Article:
[I]t is only because human beings as rational animals have the specific end that they have that questions about how the should act have determinate answers, answers that are true or false. Withdraw the concept of an end and those moral judgements that formerly presupposed it will continue to mimic judgements that are true or false, but will in fact only function as expressions of attitude. [...] To speak of the end of human beings is to speak of the goods to which they are directed by their nature[.]
MacIntyre’s current position, therefore, is that for social practice theory to avoid moral relativism, whereby statements about what is right and wrong have as much claim to objective truth as statements about what is fashionable in clothing or music (i.e., their truth value is determined by contingent agreement among the members of the practice-community), it must posit a universal telos for human beings in general. This telos can thus be used to help agents decide definitively and correctly between practices and virtues that may conflict. Franks’ practical anarchism, given that it rejects such a universalism, would seem to be open to the charge of relativism. I will now attempt to show that this is in fact the case and, furthermore, that this poses a potential problem for the adoption of a non-universalist social practice theory as an anarchist ethics.
3: Moral Relativism
While Franks rejects a single telos that transcends different practices, he also notes that for deliberation in ethics to exist in any meaningful way at all, there must be “a shared moral discourse that can evaluate and select between rival tactical options” (Franks, 2008: 145). The problem is that his rejection of a telos common to every agent or every context is that this moral discourse becomes incredible problematic. To see why this is the case, I propose to introduce an example. Suppose that an anarchist collective which runs a social centre comes to a disagreement in the course of one of their monthly meetings. Some of the members claim that the collective should provide a subsidy to a direct action group involved in the animal rights movement, while the others claim that the subsidy should go to an anti-racist organisation. Each option entails a different internal good and so a different virtue. If the universalist is right and there is a fixed telos (or set of telē), and the members of the collective are aware of this telos (or set of telē), then they will be able to measure the conflicting goods against this objective yardstick and decide which good takes priority at that time. However, without such an external guide, deliberation seems meaningless. If the first group claims in support of their position that it measures up to the contingent telos that solidarity should be primarily with the animal rights movement, and the second group claims that theirs measures up to the telos that solidarity should be with anti-racism, then there is no way for agreement to be reached. It is impossible to order the potential goods of practices. Furthermore, even if some agreement is made, were a third party to question the prioritising of one internal good over another, no support could be given except from within the practice, which begs the question.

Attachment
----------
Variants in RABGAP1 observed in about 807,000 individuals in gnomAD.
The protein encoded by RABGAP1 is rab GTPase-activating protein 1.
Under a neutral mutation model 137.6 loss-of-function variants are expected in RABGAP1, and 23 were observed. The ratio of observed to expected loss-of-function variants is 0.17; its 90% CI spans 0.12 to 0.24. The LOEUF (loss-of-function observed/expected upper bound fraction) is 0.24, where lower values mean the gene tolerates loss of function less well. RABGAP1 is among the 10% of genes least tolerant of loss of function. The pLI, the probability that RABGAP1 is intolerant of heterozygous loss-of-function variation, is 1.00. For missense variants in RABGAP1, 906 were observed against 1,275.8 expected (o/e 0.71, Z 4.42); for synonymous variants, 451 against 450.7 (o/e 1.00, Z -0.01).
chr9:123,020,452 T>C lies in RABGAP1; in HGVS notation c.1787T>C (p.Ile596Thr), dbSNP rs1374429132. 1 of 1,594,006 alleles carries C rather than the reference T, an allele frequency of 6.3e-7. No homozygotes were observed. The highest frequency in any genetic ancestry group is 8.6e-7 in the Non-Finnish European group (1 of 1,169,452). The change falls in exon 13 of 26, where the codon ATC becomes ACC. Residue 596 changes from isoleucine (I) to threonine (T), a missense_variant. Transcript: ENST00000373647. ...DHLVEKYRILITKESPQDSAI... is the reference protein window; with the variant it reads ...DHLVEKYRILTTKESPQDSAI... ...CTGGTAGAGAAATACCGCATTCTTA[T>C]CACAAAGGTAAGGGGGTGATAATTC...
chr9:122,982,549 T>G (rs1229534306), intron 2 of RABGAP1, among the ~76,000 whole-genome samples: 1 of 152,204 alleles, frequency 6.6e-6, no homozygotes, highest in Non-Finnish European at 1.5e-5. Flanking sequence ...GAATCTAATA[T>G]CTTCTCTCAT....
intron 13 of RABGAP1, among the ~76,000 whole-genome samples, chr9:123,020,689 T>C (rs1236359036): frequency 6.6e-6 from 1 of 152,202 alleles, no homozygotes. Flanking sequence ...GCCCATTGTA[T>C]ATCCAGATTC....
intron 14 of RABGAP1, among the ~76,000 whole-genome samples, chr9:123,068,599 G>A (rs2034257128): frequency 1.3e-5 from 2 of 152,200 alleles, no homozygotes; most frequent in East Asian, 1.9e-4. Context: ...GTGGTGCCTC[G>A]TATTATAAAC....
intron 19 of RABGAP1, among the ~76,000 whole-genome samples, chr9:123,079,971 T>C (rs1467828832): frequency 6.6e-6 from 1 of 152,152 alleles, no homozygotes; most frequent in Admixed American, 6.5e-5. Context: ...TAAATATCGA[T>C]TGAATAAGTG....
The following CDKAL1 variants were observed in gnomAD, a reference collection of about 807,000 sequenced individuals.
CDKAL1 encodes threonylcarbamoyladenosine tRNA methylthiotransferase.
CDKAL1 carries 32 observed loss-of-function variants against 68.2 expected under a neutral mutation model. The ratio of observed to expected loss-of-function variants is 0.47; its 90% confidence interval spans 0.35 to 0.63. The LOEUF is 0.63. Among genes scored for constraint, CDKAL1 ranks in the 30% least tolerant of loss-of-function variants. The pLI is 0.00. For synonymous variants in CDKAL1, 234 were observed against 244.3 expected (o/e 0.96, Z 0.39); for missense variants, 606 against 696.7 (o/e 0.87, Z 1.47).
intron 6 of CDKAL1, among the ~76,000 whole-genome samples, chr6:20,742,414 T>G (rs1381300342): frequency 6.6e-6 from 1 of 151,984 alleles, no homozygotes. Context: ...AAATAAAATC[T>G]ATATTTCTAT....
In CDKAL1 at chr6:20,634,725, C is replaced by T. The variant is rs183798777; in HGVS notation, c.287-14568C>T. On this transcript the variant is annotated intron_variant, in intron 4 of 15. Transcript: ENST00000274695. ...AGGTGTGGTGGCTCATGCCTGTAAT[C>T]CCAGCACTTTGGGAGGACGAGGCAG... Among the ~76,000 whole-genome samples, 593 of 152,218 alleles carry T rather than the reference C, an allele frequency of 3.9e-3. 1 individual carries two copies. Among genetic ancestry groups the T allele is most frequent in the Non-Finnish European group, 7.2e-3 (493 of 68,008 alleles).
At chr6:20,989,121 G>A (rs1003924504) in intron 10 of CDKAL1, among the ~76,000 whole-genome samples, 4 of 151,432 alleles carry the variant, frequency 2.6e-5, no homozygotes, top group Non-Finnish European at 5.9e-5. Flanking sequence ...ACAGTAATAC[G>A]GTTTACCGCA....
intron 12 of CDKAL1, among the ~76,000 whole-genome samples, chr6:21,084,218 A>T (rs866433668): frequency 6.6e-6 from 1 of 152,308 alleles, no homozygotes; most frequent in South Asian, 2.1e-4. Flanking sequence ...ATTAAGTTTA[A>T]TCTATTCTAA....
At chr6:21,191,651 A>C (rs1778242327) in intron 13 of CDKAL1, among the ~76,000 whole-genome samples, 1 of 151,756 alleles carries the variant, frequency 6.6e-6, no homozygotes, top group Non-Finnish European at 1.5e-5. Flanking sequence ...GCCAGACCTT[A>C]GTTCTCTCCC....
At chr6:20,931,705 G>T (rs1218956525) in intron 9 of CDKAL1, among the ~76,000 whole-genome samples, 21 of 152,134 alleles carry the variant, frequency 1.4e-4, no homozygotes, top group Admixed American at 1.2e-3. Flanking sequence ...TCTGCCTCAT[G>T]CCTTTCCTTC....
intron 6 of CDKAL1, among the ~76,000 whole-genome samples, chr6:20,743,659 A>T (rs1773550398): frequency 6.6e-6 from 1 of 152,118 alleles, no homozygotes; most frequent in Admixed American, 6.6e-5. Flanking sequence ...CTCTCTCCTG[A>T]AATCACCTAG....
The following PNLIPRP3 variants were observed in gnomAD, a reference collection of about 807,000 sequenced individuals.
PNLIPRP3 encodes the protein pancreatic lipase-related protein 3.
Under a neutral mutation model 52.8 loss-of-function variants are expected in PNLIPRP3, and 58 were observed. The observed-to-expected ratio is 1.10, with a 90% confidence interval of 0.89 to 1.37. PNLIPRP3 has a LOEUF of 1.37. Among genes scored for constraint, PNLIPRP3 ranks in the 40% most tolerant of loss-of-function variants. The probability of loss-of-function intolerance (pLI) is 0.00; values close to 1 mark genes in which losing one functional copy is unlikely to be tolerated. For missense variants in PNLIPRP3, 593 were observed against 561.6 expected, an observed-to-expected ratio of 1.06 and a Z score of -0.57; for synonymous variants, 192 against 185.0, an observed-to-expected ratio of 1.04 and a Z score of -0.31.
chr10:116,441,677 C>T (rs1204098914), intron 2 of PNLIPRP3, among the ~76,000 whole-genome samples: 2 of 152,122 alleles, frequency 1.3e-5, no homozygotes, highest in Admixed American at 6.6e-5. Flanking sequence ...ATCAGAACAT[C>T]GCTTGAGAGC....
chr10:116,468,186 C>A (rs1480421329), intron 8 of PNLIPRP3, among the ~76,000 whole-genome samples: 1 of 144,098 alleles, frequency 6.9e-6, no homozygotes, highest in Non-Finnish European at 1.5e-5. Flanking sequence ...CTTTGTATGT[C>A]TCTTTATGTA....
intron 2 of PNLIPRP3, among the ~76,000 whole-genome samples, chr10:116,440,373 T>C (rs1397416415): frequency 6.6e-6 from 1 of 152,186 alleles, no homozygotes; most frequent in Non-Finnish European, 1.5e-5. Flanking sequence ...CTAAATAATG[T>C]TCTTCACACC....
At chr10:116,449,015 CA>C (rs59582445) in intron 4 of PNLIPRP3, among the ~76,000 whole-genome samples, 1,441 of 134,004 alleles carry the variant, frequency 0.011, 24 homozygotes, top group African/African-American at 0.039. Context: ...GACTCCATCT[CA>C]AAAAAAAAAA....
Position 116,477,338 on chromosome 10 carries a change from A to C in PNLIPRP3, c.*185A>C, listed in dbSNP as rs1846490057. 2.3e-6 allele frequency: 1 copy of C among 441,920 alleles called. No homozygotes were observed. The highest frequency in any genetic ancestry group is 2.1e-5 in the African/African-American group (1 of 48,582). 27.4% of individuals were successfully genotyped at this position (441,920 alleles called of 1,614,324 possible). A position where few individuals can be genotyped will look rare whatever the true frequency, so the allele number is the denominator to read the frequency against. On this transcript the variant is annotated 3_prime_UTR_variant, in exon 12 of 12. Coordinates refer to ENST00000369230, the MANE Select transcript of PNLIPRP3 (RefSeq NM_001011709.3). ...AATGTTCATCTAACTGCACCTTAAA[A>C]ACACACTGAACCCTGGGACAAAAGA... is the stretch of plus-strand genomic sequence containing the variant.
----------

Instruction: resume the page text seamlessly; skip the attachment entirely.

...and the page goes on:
Ultimately, it would seem, there is no way of resolving conflict between goods and virtues, or between practices. This highlights the practical problem with rejection an objective telos in the way that practical anarchism does. The ethical dimensions of this theory are reduced to moral relativism. Franks wants to propose a point between moral relativism and moral universalism, but it seems that this point isn’t to be found. Of course there can be a telos that spans several interconnected practices, but this would be similarly contingent and would still not aid the agent in deciding whether to engage in one group of practices or another.
This last point is especially pertinent to Franks’ practical anarchism, because in some places he seems to arguing that certain practices will share a common teleology that distinguishes them as anarchist practices; namely, that they aim to challenge and eliminate hierarchical and capitalist relationships. For example, he writes (2010: 146) that “anarchist prefigurative methods are identifiable as they are the types of practices that would collectively build up to create their anti-hierarchical version of the flourishing society.” Indeed, he offers a definition of “ideal type” anarchism as involving the rejection of capitalism and the free market and having an interest in the freedom of others as part of creating non-hierarchical social relations (2006: 112–13). However, he is consistent with MacIntyre’s early take on social practices in that he stresses that this shared teleology is contingent, and not something necessary or even essential to those practices (2010: 142):